Carolyn Berry says, “I am so glad you featured Justin Trevino in this newsletter. I am blind also and it gives me encouragement to hear of other blind people doing great. Ronnie Milsap is another blind artist. Thanks for the great newsletter.”

Marlene Nord writes from Camarillo, California, “All of that ‘Heart of Texas’ music is super! Those folks are expertly keeping ‘Real Country’ alive and kicking! So are you, by supplying us with your wonderfully entertaining and informative newsletters. Thank you so much for your efforts.”

Justin Trevino says, “I love this, Diane! Thanks for sending and again, it was a pleasure visiting with you.”

Margie Singleton Walton writes, “Your newsletter is so factual and enlightening. I really enjoy each one. Keep up the great work.”

Lynn Brown says, “Great Article on Justin Trevino.”

David Markham writes from Crosby, Liverpool, England, “Thank you for the nice happy and sad read losing Roy Clark R.I.P.”

Lee Shannon, WIRE Radio (1968-80), says, “I thoroughly enjoyed watching the Celebration of Life for Roy Clark on YouTube. I devoted several pages to Roy Clark in my book, My 38 Years Between the Country Music Turntables. I also want to pass on a BIG Thank You to Cal Sharp, the former listener to my radio show on WIRE Radio in the late sixties & seventies. I spent one-third of my broadcast career in Indy.”

Terry Beene writes from Branson, Missouri, “On October 7th the Branson Terry Music Awards held the 40th anniversary at the Jim Stafford Theatre in Branson. After 35 years in Ft Worth it moved to Branson ….. With a sold-out crowd it was amazing. Hosted by Chuck Hancock and Barbara Fairchild…. The opening act was the Temptations. The Platters and the Drifters followed my Country and Gospel. Also Lulu Roman from Hee Haw sang on the show. The 41st awards will be September 22, 2019, at the Beautiful Baldknobbers Theatre. Thank you for all you do for Country Music.”

Gerald Walton in Oklahoma City says, “For you Gene Autry fans, I just read a good book by Holly George Warren, Public Cowboy No 1: The Life and Times Of Gene Autry.” It is a very good book.”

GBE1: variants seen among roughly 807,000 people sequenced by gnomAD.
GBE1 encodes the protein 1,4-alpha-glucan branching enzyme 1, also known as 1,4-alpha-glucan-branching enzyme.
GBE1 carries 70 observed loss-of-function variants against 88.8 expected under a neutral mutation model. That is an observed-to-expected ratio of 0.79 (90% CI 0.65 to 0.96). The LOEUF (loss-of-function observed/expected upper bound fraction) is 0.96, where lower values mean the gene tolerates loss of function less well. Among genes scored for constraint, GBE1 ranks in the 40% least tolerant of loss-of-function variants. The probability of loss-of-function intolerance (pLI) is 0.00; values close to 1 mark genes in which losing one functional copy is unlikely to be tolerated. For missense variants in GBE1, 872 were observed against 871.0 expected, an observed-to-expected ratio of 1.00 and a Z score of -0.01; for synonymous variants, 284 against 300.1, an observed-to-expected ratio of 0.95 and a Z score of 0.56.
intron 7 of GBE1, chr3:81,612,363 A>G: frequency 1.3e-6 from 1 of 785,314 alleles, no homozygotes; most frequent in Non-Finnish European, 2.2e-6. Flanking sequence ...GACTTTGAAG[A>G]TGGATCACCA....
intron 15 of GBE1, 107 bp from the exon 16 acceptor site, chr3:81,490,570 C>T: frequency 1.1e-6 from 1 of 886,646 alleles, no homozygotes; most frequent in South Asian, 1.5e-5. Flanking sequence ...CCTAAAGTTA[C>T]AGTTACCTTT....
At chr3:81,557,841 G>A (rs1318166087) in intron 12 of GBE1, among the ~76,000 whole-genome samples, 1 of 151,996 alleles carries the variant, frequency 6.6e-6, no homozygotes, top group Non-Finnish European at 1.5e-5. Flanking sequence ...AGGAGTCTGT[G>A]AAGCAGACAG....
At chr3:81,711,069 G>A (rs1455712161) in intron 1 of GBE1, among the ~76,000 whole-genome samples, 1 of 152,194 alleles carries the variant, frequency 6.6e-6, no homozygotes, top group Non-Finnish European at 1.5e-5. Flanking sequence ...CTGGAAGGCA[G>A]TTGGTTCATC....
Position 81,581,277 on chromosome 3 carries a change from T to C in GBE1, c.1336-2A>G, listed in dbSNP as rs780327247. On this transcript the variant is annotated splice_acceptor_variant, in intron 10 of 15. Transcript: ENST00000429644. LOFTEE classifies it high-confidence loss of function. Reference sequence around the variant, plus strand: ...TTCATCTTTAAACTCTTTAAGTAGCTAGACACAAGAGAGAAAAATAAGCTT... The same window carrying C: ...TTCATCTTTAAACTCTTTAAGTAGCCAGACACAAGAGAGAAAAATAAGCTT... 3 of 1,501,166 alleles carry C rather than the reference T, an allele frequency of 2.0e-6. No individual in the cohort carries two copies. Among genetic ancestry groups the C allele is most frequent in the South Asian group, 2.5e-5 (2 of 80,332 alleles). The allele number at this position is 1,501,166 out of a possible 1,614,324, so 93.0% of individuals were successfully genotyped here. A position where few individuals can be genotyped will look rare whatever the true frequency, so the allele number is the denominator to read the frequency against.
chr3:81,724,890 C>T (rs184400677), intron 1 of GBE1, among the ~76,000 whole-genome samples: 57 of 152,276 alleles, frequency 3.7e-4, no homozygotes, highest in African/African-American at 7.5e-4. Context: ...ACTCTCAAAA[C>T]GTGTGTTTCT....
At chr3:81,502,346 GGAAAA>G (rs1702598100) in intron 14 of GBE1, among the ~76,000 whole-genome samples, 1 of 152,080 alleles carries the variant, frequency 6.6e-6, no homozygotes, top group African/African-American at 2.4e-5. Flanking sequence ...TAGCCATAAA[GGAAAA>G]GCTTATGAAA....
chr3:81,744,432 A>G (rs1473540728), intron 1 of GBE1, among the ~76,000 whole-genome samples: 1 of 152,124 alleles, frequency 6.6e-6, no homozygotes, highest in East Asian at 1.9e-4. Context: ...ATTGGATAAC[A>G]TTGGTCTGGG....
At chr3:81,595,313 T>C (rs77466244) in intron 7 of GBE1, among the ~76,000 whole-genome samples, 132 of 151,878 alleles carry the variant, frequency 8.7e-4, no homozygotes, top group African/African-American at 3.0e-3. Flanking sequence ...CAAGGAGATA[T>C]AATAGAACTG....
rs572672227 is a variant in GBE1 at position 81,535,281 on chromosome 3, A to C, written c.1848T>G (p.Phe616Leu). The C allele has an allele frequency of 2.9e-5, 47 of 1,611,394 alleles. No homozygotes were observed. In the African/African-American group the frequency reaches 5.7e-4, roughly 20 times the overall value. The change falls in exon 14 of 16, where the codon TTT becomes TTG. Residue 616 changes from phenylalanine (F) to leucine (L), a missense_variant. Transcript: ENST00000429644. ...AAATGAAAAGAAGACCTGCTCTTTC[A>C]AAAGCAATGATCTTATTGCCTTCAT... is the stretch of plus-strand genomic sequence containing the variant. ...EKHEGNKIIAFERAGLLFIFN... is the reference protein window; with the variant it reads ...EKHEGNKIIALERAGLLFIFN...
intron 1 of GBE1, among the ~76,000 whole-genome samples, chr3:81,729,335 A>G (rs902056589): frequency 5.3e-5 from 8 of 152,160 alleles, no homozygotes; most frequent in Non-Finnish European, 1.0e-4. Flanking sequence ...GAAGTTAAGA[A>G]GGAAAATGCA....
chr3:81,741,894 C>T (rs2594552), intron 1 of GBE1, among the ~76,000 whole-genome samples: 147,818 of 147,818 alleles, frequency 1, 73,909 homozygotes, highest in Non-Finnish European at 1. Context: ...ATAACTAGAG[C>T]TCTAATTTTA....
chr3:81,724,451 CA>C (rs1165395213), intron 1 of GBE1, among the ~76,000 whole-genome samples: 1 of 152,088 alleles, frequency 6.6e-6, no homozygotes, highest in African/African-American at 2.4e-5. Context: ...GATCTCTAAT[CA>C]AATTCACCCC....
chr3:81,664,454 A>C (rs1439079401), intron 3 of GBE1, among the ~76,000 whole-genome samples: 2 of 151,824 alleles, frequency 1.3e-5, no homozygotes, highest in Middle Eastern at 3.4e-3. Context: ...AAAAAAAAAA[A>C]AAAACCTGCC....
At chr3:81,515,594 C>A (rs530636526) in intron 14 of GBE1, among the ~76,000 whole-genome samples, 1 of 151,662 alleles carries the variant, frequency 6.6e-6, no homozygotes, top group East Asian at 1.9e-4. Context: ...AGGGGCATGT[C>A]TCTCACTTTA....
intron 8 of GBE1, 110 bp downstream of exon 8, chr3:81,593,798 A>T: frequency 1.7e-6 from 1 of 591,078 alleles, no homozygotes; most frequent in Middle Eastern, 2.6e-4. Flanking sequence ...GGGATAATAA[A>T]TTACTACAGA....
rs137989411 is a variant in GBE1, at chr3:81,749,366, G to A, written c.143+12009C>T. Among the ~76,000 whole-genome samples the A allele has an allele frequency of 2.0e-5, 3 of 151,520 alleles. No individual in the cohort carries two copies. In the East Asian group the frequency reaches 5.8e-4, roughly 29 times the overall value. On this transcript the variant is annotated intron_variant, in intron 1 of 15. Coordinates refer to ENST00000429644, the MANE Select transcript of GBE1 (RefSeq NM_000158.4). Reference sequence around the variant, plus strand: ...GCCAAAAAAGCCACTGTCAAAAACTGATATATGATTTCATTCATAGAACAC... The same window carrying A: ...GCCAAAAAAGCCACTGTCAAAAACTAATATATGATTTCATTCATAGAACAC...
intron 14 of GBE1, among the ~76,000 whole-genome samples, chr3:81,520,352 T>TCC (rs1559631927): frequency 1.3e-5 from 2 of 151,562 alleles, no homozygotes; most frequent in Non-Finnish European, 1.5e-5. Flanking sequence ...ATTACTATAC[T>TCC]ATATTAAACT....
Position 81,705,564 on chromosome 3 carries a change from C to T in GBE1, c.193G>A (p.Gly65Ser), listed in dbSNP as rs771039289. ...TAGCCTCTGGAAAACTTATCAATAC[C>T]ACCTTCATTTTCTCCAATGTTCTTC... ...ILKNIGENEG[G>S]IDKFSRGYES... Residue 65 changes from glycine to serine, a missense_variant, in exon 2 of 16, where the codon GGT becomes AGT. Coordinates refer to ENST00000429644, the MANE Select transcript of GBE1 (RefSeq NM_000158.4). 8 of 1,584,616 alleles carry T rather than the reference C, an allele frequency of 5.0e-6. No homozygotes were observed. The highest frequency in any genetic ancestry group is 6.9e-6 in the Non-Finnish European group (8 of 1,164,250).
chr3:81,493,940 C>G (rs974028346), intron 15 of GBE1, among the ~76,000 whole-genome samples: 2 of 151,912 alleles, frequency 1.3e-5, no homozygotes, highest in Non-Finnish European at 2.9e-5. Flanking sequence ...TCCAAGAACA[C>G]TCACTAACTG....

Larry Delaney writes from Ottawa, Canada, “Canada has a recently opened the CANADA MUSIC CENTRE (in Calgary, Alberta) with a mandate to collect and promote Canadian music memorabilia (all genres). While viewing some of their online coverage I came across a vintage video of Marty Robbins and Jerry Byrd.”

Alan Potter in the United Kingdom says, “I just love your newsletter, it’s full of info we no longer get in the UK & you are so knowledgeable. Keep up this important work you are a Godsend to us country radio DJs. Seems a long time ago since I sent you my info on Marty & Faron & thank you for crediting me in your books. Tell David Markham I play a Jim song almost every week on my radio shows.”

Dominique “Imperial” Anglares writes from France, “Thank you very much to you and all the contributors for that welcome newsletter. Maheen Wickramasinghe’s letter is a very interesting one and pay a fine tribute to Lefty. Music is a bird that fly all ’round that world bringing joys everywhere.”

The female lead in Faron Young’s first movie, Hidden Guns, was an unknown, also in her first movie. Angie Dickinson didn’t even rate having her name on the 1955 movie poster, where a photo of her and Faron appeared. In my beginning days of researching Faron’s life, I sent her a letter. One day in 2000, I came home from work and found this message on my answering machine: “I’m calling for Diane Diekman. This is Angie Dickinson. Please don’t faint.” She gave me her phone number and an apology for taking so long to respond. Here are a few of her comments from our later telephone interview:

I do remember that Faron was just very pleasant and very shy. Very respectful, that typical Elvis Presley good manners conduct.

I had a small part. I was brand new in the business. I didn’t know about Faron Young, other than I took a part where this country-western singer had the lead.

Faron was very nice looking, and very shy, at least around us. My observation was that he couldn’t have been nicer, and I do remember those good Southern manners. That’s always impressive to a non-Southerner. I still love hearing and seeing it on Elvis. Faron had that air about him which was impressive, but to tell you the truth, I just don’t remember any specifics.

I do remember when he died. I thought, ‘Ohhhhhh, I did a picture with him.’ It was a nice name, and a very different name.

One of my favorite Norma Jean songs was 1967’s “Heaven Help the Working Girl.” I enjoyed the overall sound while not identifying with those who had “spent nearly half my life in this little dim café.” Hearing it now, I realize things haven’t changed all that much: “Heaven help the working girl in a world that’s run by men.” Listening to Norma Jean songs on YouTube, I came across “You Changed Everything About Me But My Name.” The video showed a picture of the 45rpm record. Songwriters were listed as Seely-Cochran. I thought, I know who they are! Jeannie Seely and Hank Cochran.

Although my Navy Greenshirt: A Leader Made, Not Born has been around since 2001, the Naval Historical Foundation only recently started publishing book reviews. CAPT Lee Duckworth, USN (ret), a helicopter pilot with numerous command tours in his long career, wrote this review.